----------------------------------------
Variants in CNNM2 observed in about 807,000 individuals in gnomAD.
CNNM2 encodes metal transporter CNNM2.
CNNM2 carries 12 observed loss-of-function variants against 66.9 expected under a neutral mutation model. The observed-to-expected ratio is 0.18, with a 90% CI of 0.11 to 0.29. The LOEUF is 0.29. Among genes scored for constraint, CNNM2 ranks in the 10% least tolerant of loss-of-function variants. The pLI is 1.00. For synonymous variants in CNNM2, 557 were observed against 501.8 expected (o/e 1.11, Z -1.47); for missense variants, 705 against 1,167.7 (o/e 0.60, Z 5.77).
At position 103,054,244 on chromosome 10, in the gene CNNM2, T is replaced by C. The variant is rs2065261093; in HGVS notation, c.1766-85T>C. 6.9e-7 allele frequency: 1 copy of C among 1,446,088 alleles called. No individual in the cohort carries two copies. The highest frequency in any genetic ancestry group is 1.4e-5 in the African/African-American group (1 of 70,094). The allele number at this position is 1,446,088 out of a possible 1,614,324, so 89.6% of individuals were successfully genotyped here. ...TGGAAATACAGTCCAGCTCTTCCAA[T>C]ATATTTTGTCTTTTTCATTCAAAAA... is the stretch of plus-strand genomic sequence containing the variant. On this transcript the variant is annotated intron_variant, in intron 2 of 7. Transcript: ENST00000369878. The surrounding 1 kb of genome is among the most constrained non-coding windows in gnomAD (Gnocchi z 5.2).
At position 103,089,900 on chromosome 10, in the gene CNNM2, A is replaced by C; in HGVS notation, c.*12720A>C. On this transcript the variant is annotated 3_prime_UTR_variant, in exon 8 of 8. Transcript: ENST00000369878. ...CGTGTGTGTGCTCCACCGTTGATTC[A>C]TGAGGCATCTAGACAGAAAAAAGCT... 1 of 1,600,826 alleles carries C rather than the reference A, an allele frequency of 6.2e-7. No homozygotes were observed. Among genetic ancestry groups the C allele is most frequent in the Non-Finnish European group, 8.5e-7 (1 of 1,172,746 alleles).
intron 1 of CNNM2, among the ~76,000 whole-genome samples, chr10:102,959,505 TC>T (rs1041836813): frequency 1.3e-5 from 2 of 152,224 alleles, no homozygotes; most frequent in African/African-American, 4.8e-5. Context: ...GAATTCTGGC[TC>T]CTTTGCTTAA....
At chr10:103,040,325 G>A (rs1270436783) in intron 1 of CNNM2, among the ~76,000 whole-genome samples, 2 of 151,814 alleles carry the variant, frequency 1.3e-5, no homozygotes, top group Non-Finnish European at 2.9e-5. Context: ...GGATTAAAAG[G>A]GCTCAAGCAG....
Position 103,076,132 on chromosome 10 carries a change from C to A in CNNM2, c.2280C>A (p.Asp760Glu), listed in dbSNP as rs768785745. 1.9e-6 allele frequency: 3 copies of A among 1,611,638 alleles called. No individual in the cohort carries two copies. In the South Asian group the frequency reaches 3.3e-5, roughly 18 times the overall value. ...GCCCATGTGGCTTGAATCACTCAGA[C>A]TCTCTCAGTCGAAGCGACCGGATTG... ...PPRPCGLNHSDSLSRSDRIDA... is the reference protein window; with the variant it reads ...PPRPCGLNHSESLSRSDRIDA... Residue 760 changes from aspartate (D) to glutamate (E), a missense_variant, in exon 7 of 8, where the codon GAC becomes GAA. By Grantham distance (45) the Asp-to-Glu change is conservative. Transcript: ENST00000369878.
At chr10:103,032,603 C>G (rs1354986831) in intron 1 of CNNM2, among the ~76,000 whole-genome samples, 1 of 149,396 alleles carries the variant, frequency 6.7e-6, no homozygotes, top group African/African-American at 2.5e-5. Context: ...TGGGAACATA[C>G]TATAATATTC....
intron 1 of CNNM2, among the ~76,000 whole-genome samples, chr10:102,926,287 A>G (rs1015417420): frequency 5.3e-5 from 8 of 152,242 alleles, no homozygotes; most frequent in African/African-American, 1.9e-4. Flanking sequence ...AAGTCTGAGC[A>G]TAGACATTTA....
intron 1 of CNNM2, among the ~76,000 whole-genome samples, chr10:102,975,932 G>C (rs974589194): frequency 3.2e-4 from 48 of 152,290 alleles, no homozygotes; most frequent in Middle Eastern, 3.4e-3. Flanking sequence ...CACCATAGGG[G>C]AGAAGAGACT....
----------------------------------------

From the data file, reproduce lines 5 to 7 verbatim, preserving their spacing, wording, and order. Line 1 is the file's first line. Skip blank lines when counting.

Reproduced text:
At position 103,089,900 on chromosome 10, in the gene CNNM2, A is replaced by C; in HGVS notation, c.*12720A>C. On this transcript the variant is annotated 3_prime_UTR_variant, in exon 8 of 8. Transcript: ENST00000369878. ...CGTGTGTGTGCTCCACCGTTGATTC[A>C]TGAGGCATCTAGACAGAAAAAAGCT... 1 of 1,600,826 alleles carries C rather than the reference A, an allele frequency of 6.2e-7. No homozygotes were observed. Among genetic ancestry groups the C allele is most frequent in the Non-Finnish European group, 8.5e-7 (1 of 1,172,746 alleles).
intron 1 of CNNM2, among the ~76,000 whole-genome samples, chr10:102,959,505 TC>T (rs1041836813): frequency 1.3e-5 from 2 of 152,224 alleles, no homozygotes; most frequent in African/African-American, 4.8e-5. Context: ...GAATTCTGGC[TC>T]CTTTGCTTAA....
At chr10:103,040,325 G>A (rs1270436783) in intron 1 of CNNM2, among the ~76,000 whole-genome samples, 2 of 151,814 alleles carry the variant, frequency 1.3e-5, no homozygotes, top group Non-Finnish European at 2.9e-5. Context: ...GGATTAAAAG[G>A]GCTCAAGCAG....